Noting the difficulties of Chrysler and GM, the dreaded sale of Opel, the drastic restructuring of many OEMs, but also the ‘extermination’ of thousands of dealers in Italy and around the world – people I meet ask me if it still worth to build and sell cars.
The impressions and the… ‘stomach ache’ of those who are suffering ‘in the trenches of the automotive’ are always significant, but the best thing is to stop and have a look to facts-and-figures.
Build cars it worth! At the Quintegia International Dealer Forum, an influential journalist of AutomotiveNews Europe – using data Alix Partners – has shown that car manufacturers had in 2010 – on average – a 4.2% net margin. The shareholders of the ‘best in class’ OEMs earned a net profit of 6.8%. Better than the others, the group of the Europeans, with an average net margin of 5,0%. The average net profit of the ‘seconds’ – the group Japan-Korea – is ‘only’ 3.4%. Not so bad! In between there are Americans, Chinese and Indians.
Also to sell cars it worth, even if… During a concomitant event organized by Exxon-Mobil, ‘Italia Bilanci.com’ published the data of the budgets of the Italian Dealers in 2010. Interesting: while the average of the private dealers they gain the 0.4% – but more than 50% of them today are loosing money – in our country all the automaker’s owned dealers lose an average of 3.6% – someone dozens of millions (MB subsidiary in 2010, FGA Centers in 2007) – and since 2005 (date of commencement of the survey) they never have gained!
Although the income statement and the balance sheet of the dealers depend – for a significant proportion (70-80%?) – from strategies by the OEM, it is interesting to compare the results between those ‘born to sell cars’ (like the dealers – some of which from 3 or 4 generations) and those OEMs that have improvised themselves as salesmen, just to ‘cover’ areas considered ‘incomplete’ or ‘difficult’ for their own network.
I have proof that the ‘theory of species evolution’ is reversible! Gee whiz! Really something quite different from what happened in Italy in the 50’s when Alfa Romeo – earning money at that time – invented the first ‘dealers-owned’ in the world – the subsidiaries – not to compete with the dealers and the official network as is used today by the OEMs, but to verify “on-the-field” the validity of commercial actions, quality and maintenance of products. It was also to understand what the network of the dealers was experiencing “downstream” of the factory.
Bigger is better? This same analisys certify that over the last 6 years the size of the dealers has proved essential to the success of dealerships: large groups – preferably multi-brands – have gained more (+0.3 gain) than the small single-brand dealers (- 0.4 average loss). However, we speak of … crumbs.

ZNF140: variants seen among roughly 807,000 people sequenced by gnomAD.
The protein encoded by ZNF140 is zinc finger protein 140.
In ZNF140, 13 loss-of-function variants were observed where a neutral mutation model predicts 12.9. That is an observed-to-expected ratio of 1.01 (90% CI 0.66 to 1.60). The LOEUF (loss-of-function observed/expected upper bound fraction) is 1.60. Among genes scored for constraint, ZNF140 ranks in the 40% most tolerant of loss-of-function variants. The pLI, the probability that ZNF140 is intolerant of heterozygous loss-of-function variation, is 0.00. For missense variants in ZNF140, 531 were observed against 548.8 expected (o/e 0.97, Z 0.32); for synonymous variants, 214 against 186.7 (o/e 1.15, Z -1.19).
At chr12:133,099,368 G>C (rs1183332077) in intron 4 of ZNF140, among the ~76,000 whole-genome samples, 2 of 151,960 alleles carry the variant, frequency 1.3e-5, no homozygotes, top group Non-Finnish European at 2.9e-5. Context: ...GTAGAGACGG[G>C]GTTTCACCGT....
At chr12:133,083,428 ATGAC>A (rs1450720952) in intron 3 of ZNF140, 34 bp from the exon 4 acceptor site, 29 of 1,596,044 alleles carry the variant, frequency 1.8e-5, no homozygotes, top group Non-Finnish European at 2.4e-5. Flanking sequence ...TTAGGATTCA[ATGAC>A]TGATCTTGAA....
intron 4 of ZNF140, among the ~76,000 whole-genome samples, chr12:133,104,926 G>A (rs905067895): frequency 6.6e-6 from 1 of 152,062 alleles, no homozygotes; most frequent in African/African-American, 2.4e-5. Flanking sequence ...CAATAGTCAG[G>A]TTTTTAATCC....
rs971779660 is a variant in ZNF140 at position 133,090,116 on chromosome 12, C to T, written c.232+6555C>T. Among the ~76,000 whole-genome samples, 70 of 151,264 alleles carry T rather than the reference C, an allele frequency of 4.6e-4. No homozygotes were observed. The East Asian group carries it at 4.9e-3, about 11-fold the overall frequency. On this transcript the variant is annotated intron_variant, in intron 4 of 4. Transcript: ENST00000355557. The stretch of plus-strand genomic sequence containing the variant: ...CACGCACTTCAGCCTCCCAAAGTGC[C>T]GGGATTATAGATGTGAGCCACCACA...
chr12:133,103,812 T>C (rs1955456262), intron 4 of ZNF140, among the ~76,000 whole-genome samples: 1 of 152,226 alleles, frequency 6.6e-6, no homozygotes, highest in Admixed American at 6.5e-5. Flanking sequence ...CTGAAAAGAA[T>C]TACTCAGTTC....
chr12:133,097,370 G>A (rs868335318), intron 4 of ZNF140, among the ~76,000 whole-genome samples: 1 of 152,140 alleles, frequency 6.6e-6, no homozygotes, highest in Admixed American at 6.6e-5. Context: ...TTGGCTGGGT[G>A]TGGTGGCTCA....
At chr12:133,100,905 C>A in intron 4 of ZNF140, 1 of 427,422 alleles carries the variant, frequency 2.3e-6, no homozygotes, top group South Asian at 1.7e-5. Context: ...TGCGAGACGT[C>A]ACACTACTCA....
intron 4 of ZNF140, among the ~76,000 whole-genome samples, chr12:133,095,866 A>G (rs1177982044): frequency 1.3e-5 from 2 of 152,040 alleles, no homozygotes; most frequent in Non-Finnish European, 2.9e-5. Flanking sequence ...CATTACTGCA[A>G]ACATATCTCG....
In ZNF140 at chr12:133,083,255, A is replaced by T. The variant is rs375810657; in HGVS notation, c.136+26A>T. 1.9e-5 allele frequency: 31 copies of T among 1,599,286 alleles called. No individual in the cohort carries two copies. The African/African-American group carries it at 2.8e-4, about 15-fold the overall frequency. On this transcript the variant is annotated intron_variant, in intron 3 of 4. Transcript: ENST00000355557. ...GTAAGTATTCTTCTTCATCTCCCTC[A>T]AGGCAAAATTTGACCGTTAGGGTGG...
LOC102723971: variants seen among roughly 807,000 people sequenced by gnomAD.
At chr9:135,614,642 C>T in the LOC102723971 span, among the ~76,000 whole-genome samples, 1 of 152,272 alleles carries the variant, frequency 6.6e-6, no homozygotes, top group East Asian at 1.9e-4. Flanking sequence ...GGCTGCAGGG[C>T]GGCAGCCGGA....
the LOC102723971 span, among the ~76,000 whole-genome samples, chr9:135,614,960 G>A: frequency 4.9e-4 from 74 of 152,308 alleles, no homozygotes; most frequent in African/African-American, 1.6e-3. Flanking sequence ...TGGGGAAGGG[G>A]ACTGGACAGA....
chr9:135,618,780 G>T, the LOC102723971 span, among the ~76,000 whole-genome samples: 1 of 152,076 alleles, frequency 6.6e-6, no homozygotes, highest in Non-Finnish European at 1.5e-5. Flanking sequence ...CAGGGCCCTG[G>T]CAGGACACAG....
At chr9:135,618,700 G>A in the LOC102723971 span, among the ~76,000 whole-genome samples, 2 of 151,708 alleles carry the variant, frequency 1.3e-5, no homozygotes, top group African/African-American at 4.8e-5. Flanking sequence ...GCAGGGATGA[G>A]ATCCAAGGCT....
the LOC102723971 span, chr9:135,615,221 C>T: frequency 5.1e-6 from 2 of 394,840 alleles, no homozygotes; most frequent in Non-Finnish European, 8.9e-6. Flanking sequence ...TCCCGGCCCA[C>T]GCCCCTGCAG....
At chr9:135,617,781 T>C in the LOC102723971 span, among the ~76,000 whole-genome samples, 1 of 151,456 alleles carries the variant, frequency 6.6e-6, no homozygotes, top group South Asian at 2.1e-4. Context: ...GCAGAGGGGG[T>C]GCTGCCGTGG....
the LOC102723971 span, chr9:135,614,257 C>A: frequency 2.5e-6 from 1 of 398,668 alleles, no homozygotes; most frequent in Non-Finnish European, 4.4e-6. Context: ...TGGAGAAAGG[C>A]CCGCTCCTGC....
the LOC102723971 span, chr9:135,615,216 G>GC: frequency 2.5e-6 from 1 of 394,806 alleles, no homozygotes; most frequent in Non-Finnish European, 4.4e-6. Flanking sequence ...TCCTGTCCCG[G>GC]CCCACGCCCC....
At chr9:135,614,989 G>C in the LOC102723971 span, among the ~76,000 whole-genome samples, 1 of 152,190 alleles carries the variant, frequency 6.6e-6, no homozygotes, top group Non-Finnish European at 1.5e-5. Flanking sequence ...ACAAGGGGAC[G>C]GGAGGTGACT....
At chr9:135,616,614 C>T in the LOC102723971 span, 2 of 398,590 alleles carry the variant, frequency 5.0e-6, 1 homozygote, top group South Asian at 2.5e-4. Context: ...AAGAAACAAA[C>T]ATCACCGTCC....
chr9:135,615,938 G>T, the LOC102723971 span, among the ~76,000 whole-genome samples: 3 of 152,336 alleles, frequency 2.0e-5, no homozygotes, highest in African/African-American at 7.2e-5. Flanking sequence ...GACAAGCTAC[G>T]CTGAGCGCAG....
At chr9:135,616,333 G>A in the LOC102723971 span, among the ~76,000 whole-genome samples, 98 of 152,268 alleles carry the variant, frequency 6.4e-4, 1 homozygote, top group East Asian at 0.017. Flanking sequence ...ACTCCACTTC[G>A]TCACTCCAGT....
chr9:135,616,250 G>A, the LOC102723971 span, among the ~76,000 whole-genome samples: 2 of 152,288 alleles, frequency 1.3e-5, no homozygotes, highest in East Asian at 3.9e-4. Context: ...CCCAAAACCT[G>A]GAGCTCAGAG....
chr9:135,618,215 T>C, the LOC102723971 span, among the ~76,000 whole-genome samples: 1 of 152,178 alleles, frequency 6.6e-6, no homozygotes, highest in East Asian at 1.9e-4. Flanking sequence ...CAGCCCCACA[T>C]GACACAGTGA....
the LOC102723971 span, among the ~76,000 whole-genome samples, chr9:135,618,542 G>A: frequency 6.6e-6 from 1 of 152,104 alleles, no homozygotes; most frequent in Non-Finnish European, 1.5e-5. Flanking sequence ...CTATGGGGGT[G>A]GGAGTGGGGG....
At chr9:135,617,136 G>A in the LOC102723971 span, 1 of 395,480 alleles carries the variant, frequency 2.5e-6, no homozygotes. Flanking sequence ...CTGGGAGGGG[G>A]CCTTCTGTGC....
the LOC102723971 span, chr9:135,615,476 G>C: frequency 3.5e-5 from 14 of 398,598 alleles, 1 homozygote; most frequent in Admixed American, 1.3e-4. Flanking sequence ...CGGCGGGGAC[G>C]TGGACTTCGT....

With many exceptions: large groups ‘shredded’ by multimillion-euro/dollars bankruptcies and small family owned dealers who earn more than 5% of the turnover.
It is not always true that ‘small is ugly ‘! A couple of weeks ago – during a business trip in Paris – I visited the new experimental ‘mini-district-dealers’ of three different OEM: 1 little showroom, 1 car on display, 1 salesperson, 1 mechanic, a small warehouse stocked in time real by a courier. An interactive display on the sidewalk – it is not even needed to enter the store to view the entire range or the used car stock. And in the U.S., after the excitement with the mega-dealers that have lost millions of car sales – and trillions of dollars – the OEMs are returning to reconsider small dealers in family-run, selling 100 cars a year, but scattered everywhere, just where prospects and clients are, with small installations also in the center of large cities.
Looking at these data of the financial statements, is now a little to think that the dealer are now not intended and designed by the OEMs as a true “commercial arm”, but as a sort of “ticket-counter” to be shaken to collect license plates at the end of every month!
Summarizing the data of Italia Bilanci: 1) Over the past six years the investment in the car distribution business has not created value for the shareholders; 2) The reduction of the money cost since 2008, has cushioned the impact of the contraction of operating profitability; 3) The comparison between efficiency and productivity of the ‘best’ and ‘worst in class’, indicates significantly differences – indicating that those who do well their job, makes money! 4) Over the last six years the size of the dealerships has been found essential for success in business; 5) The ‘differentiation’ of the brands portfolio (multi-brand) has brought benefits; 6) The dispersion curve tells us that about 20% of the dealers has a negative profitability less than -1%; while approximately 15% of them travel at levels above 1% (some analysts argue that the percentage of car dealerships in our country that will come out of the scene in the near future is estimated at around 25%).
This is a crucial moment for the automotive industry and for the distribution chain: let’s roll up our sleeves seriously – everyone must do its own task, OEMs and dealers – gosh, this is not a joke for… reality TV show about car dealers!
A dealer that closes loosing money, or is in debt beyond what is reasonable, is not to be intended as another ‘code’ deleted from the dealer network list, or a new ‘open point’ to be covered, but a defeat of the network strategy of the OEM, where the same brand must reflect deeply!
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